• 50 Pence 2006-2009, KM# 1057, United Kingdom (Great Britain), Elizabeth II, 150th Anniversary of the Institution of the Victoria Cross, Medal
  • 50 Pence 2006-2009, KM# 1057, United Kingdom (Great Britain), Elizabeth II, 150th Anniversary of the Institution of the Victoria Cross, Medal
Description

The Victoria Cross (VC) is the highest award of the United Kingdom honours system. It is awarded for gallantry "in the face of the enemy" to members of the British armed forces. It may be awarded posthumously. It may be awarded to a person of any military rank in any service and to civilians under military command although no civilian has received the award since 1879. Since the first awards were presented by Queen Victoria in 1857, two thirds of all awards have been personally presented by the British monarch. These investitures are usually held at Buckingham Palace.

The VC was introduced on 29 January 1856 by Queen Victoria to honour acts of valour during the Crimean War. Since then, the medal has been awarded 1,358 times to 1,355 individual recipients. Only 15 medals, 11 to members of the British Army, and four to the Australian Army, have been awarded since the Second World War. The traditional explanation of the source of the metal from which the medals are struck is that it derives from Russian cannon captured at the Siege of Sevastopol. Some research has suggested a variety of origins for the material. Research has established that the metal for most of the medals made since December 1914 came from two Chinese cannons that were captured from the Russians in 1855.

The 2009 Proof strike was issued in sets to commemorate the 40th anniversary of the 50 pence denomination.

Obverse

Fourth crowned portrait of HM Queen Elizabeth II facing right, wearing the Girls of Great Britain and Ireland tiara.

The Girls of Great Britain and Ireland tiara was a wedding present in 1947 from her grandmother, Queen Mary, who received it as a gift from the Girls of Great Britain and Ireland in 1893 on the occasion of her marriage to the Duke of York, later George V. Made by E. Wolfe & Co., it was purchased from Garrard & Co. by a committee organised by Lady Eve Greville. In 1914, Mary adapted the tiara to take 13 diamonds in place of the large oriental pearls surmounting the tiara. At first, Elizabeth wore the tiara without its base and pearls but the base was reattached in 1969. The Girls of Great Britain and Ireland Tiara is one of Elizabeth's most recognisable pieces of jewellery due to its widespread use on British banknotes and coinage.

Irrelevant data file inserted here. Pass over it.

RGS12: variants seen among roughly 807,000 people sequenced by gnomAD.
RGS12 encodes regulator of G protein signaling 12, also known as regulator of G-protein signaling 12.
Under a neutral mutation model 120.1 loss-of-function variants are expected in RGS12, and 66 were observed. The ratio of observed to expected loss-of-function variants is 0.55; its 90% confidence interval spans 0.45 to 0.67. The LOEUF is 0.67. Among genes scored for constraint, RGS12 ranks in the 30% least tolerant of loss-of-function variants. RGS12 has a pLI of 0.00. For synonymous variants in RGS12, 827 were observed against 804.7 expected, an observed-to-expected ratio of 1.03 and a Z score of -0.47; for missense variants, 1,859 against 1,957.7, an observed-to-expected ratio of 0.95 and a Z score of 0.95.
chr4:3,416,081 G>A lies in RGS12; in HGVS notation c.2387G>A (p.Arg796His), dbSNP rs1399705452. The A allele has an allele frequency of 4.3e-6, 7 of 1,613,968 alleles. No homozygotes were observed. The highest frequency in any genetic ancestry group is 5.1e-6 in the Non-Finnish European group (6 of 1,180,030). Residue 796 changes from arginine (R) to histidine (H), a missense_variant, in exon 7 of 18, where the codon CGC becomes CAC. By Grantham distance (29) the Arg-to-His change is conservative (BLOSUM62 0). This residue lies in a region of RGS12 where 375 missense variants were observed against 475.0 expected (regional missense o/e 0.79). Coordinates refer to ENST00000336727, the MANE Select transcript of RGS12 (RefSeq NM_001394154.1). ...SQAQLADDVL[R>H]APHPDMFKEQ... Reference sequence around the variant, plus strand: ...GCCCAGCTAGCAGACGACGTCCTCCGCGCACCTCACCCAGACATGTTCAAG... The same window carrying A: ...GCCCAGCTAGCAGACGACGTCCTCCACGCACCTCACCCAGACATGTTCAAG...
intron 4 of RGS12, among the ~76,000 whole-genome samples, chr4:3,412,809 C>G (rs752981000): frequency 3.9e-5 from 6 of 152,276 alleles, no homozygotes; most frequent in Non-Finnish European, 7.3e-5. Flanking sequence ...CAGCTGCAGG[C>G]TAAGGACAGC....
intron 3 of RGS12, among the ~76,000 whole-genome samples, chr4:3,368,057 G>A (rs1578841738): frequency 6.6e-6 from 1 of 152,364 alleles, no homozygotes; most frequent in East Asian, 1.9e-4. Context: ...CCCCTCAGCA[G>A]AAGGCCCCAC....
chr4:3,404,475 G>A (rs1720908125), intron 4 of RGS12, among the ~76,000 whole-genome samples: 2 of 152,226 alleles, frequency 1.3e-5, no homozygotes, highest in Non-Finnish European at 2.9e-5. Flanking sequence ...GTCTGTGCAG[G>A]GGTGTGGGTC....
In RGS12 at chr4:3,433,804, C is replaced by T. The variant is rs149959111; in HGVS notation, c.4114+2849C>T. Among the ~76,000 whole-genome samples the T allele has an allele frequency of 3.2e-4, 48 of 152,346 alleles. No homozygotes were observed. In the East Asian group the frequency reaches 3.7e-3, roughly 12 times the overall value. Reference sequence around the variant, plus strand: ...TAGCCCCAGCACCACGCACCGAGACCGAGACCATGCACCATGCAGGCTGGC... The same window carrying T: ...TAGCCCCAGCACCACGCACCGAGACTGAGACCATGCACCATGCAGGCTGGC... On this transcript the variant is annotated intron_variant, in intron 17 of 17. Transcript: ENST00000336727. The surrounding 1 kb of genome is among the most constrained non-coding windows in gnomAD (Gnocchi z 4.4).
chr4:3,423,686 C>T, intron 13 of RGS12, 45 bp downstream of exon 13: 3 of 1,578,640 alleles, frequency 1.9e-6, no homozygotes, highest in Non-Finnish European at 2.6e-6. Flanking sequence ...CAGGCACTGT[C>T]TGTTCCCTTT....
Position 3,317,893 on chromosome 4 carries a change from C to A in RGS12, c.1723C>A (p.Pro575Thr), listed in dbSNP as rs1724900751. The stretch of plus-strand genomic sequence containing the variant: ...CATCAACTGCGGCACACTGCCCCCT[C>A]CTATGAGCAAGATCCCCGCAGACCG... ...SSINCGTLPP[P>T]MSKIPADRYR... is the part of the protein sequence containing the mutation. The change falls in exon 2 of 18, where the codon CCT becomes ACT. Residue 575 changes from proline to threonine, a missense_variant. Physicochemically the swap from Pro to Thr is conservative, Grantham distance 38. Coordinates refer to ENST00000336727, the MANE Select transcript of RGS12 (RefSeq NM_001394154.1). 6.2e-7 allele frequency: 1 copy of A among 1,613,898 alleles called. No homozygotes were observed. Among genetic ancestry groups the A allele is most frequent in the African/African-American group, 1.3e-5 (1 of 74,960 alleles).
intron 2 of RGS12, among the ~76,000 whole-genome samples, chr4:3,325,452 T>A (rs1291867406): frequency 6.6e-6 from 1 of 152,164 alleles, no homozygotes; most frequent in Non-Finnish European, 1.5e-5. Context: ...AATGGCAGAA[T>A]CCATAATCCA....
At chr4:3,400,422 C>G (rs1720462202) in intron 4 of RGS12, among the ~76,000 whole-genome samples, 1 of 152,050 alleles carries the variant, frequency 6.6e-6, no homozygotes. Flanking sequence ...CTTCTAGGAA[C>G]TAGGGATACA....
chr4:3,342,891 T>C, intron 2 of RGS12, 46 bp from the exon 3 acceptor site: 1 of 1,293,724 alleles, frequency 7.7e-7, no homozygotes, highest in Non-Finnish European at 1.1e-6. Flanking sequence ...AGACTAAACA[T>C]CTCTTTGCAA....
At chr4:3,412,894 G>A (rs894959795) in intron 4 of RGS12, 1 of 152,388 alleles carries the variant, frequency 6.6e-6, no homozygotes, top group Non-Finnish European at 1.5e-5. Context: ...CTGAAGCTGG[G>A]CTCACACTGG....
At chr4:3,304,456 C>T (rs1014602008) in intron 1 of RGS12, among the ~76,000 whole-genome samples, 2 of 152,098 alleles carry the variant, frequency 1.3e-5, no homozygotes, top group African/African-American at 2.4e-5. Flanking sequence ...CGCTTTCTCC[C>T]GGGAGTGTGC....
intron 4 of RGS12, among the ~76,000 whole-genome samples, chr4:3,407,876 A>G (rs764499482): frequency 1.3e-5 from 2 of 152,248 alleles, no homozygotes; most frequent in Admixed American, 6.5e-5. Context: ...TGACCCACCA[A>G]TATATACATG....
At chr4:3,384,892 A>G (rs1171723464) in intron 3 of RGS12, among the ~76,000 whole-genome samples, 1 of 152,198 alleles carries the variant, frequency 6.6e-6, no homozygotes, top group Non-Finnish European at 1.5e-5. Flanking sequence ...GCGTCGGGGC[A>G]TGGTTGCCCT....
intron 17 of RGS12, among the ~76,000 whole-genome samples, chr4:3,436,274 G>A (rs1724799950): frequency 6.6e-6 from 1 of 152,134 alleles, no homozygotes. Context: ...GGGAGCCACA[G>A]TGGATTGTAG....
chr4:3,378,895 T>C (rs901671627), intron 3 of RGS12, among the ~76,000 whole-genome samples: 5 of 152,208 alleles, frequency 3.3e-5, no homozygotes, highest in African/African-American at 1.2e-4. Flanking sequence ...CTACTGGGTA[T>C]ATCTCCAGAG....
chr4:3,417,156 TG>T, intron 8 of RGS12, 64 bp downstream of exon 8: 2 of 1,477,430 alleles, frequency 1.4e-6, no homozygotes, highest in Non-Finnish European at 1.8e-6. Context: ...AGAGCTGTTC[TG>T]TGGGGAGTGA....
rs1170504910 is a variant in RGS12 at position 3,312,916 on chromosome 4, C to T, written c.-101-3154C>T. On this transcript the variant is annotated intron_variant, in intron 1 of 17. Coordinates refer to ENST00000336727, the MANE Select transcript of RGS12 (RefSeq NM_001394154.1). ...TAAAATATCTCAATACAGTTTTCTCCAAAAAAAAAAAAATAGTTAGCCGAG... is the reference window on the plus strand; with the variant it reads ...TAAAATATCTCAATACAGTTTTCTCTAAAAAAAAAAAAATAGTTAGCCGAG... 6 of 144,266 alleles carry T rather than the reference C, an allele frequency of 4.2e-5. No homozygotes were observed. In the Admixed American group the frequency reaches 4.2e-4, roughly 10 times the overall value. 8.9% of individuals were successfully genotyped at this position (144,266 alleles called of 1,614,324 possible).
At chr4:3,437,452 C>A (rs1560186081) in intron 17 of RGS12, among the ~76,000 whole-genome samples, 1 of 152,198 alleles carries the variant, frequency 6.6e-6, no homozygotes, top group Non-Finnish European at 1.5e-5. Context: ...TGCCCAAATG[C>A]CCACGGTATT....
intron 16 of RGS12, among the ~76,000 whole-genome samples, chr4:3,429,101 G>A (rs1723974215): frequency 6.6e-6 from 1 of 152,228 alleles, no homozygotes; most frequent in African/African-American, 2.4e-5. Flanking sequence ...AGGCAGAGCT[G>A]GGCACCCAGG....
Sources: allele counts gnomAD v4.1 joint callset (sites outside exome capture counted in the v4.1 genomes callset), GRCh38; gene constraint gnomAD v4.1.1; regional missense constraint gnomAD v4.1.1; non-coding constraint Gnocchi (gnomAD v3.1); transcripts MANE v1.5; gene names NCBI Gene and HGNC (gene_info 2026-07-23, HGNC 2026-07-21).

ELIZABETH II DEI GRATIA REGINA FIDEI DEFENSATRIX means Elizabeth II, by the grace of God, Queen and Defender of the Faith.

Engraver: Ian Rank-Broadley

ELIZABETH·II·D·G REG·F·D·2006
IRB

Reverse

Depiction of the obverse and reverse of a Victoria Cross with the date 29 JAN 1856 in the centre of the reverse of the Cross, the letters VC to the right and the value FIFTY PENCE below.

The decoration is a bronze cross pattée, bearing the crown of Saint Edward surmounted by a lion, and the inscription FOR VALOUR. This was originally to have been FOR THE BRAVE, until it was changed on the recommendation of Queen Victoria, as it implied that not all men in battle were brave. The cross is suspended by a ring from a seriffed "V" to a bar ornamented with laurel leaves, through which the ribbon passes. The reverse of the suspension bar is engraved with the recipient's name, rank, number and unit. On the reverse of the medal is a circular panel on which the date of the act for which it was awarded is engraved in the centre.

Engraver: Claire Aldridge

29
JAN
1856
CHA
VC
FOR VALOUR
FIFTY
PENCE

Edge
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$3
Characteristics
Type Commemorative Issue (Circulating)
Material Cupronickel
Weight 8 g
Diameter 27.3 mm
Thickness 1.78 mm
Shape polygon
Sides 7
Alignment Medal

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